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Pocket Park Having rest spaces and quiet moments between buildings and shops along a busy street is a natural way to provide spaces for residents and patrons to enjoy the outdoors. The residential streets of Markham Village have many mature trees and abundant green spaces. Bringing this to the Main Street will help improve neighbourhood cohesion and make Main Street Markham a nicer place to be. Pocket parks are an ideal way to do this.

Filigree Gateways and Pattern Crossing A striking filigree pattern, derived from the combined pattern languages of Markhamâ&#x20AC;&#x2122;s diverse residents, would become the unifying aesthetic for Markham Village. One application of this pattern would be to use the filigree to create physical structures such as gateways, benches and other street furniture. The painted application of this pattern at the intersection of Main Street Markham and Highway 7 would create an attractive and distinctive landmark at the entry of Main Street Markham, helping to slow traffic and improve safety for all.

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BEFORE : A Parking lot in Markham Village

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AFTER : Artist rendering of pocket park with filigree gateway in front of Co-Working Hub

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REVITALIZING MARKHAM The Main Street Markham case study shows how COLAB could help Markham initiate small-scale design interventions for the main street, with a focus on enhancing accessibility, residential and commercial infill, and public realm infrastructure. COLAB can help Markham: Understand issues from a citizen’s perspective COLAB would undertake primary research with residents, business owners and customers to help Markham understand how people use the main street. COLAB would work with planners and designers to consider ethical, sustainable, intelligent and universal principles of design. Identify unanticipated challenges and see new opportunities COLAB would work closely with the Markham Village Business Improvement Association to define business development opportunities in the arts and culture – markets where Markham Village already shows strength. Crowdsource ideas for Markham from public and private sectors COLAB would invite community members to be involved in the design of key public realm infrastructure such as pocket parks. COLAB believes that locals are the real experts and would facilitate community design workshops.


Engage community in creative and meaningful ways COLAB would engage the community upfront and in meaningful ways throughout the entire project life cycle. COLAB uses creative community engagement methods such as charrettes and design workshops to share ideas and promote collaboration in the design process. Recognize emerging trends to assure competitiveness COLAB would help Markham understand the rise of mobile working and co-working as trends and how this can be supported to keep Markham competitive. COLAB proposes Markham establish a co-working facility in Markham Village for designers, artists and craftspeople to pursue their work and incubate new businesses.

Take action to move good ideas from concept into execution COLAB would facilitate communication and cooperation between the municipality, citizens and the private sector, building momentum around good ideas and helping to connect individuals with the resources necessary to move forward. Plan strategically for a sustainable future COLAB would pursue project directions that are strategic and help Markham achieve its sustainability objectives. COLAB proposes Markham support the creation of alternative housing that serve the needs of community members at every stage in life, from live/work units for young professionals to accessible apartments for the elderly.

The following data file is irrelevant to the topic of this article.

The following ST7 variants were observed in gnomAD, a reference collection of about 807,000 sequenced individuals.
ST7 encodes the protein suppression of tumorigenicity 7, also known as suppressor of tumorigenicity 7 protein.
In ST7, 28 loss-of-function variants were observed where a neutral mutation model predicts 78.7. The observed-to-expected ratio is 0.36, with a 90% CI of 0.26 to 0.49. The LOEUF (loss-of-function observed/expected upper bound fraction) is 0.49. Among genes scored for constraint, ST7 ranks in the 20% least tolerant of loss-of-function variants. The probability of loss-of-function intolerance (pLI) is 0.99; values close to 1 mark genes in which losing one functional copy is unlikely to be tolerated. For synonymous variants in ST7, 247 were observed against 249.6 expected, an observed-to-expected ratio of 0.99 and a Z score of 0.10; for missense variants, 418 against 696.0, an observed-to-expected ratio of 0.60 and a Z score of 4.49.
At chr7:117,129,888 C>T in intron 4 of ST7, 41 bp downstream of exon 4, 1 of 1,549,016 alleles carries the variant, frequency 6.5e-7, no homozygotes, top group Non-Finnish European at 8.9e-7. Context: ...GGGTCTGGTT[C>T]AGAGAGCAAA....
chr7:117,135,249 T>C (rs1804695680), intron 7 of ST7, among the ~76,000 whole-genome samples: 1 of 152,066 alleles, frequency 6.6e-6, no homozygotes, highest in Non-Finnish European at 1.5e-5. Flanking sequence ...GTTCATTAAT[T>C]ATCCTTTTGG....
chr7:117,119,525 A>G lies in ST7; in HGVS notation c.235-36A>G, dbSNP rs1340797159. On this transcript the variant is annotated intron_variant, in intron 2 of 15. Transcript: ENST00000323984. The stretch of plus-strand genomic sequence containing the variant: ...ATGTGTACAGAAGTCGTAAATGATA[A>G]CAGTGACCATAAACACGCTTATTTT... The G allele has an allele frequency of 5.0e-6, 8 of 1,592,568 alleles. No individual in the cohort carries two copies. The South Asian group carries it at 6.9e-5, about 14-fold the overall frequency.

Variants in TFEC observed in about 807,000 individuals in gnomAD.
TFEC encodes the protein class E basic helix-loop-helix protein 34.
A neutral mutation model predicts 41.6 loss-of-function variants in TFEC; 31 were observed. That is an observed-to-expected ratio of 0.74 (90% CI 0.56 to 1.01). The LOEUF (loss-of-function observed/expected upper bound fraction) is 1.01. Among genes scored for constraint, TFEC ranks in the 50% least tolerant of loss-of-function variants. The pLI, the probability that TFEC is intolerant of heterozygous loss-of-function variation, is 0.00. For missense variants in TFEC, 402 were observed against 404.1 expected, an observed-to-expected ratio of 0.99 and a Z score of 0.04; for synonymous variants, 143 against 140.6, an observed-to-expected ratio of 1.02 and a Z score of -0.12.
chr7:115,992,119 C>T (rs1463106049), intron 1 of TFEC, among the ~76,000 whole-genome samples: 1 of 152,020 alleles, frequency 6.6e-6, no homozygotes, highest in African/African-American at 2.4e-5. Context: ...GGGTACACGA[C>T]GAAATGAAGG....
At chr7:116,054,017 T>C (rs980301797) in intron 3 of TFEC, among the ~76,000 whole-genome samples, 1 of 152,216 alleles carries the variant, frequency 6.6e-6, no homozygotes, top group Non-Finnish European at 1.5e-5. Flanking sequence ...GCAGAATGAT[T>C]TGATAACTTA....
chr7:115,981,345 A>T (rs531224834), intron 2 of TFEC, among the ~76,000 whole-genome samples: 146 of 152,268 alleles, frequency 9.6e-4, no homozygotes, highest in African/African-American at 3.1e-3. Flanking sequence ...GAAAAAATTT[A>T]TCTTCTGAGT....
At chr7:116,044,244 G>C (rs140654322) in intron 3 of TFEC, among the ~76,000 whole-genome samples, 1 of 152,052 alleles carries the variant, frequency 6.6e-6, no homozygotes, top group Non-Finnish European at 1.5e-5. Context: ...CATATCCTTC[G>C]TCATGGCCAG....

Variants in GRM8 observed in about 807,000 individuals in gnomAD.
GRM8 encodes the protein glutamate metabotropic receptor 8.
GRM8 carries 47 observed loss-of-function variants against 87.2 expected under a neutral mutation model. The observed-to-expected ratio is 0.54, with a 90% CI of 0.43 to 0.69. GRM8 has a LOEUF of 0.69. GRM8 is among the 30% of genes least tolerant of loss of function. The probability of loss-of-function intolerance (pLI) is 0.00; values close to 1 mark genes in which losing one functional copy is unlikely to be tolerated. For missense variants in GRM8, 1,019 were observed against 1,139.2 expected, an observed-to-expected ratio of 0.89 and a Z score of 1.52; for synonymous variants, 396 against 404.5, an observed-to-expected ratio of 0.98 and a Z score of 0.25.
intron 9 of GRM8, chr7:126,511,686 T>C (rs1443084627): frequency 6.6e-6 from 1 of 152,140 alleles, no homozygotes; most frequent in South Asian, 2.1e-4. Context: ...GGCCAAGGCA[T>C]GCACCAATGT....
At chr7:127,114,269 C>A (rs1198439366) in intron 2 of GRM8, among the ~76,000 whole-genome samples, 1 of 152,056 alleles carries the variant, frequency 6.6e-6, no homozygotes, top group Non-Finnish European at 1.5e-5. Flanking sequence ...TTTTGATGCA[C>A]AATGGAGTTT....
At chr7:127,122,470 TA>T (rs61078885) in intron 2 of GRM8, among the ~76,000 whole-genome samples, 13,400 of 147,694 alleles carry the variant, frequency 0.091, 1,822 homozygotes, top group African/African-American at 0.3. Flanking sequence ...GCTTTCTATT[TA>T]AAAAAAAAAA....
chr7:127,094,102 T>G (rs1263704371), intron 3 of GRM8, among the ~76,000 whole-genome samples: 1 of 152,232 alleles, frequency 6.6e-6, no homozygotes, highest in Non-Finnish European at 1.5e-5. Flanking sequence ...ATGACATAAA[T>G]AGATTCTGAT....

Main Street Markham has changed a lot since I started working here. There are more people on the street, and although the number of small businesses has increased, it still feels quaint.

It’s Friday morning, I’m running late and I still need to stop for a coffee on my way to work. There’s a café across the street from my store on Main Street Markham. Maybe this morning I will try some homemade jam the baker just started selling. Last time I was there he told me he makes all the preserves himself.

will be busy with commuters heading to their offices. I won’t see the beautiful work that’s been done to the intersection when you enter Main Street Markham from Highway 7 but I can walk down at lunch to see it if I have time. It feels so much more welcoming – not just a bunch of gas stations.

Main Street Markham has changed a lot since I opened my business here. There are more people on the street, and although the number of small businesses has increased, it still has that quaint character that attracted me to the neighbourhood. There’s a new energy to the street and younger people have moved in and opened their own businesses in the new live/work units where the parking lots used to be. The changes have been inspiring even to the well-established business owners. I notice them painting and changing the way they display things. Even their business hours have increased. The whole street feels more like a little community and looks more beautiful too. It’s a nice place to be and I’m glad I get to work here.

I park in the lot beside the church. During the week people park here to go to their jobs or to shop nearby, but on weekends it's priority parking for churchgoers or for community events.

I pack up my daughter and all the things she needs for her day. I leave my house and take my special route to work, avoiding Highway 7 because at this hour I know it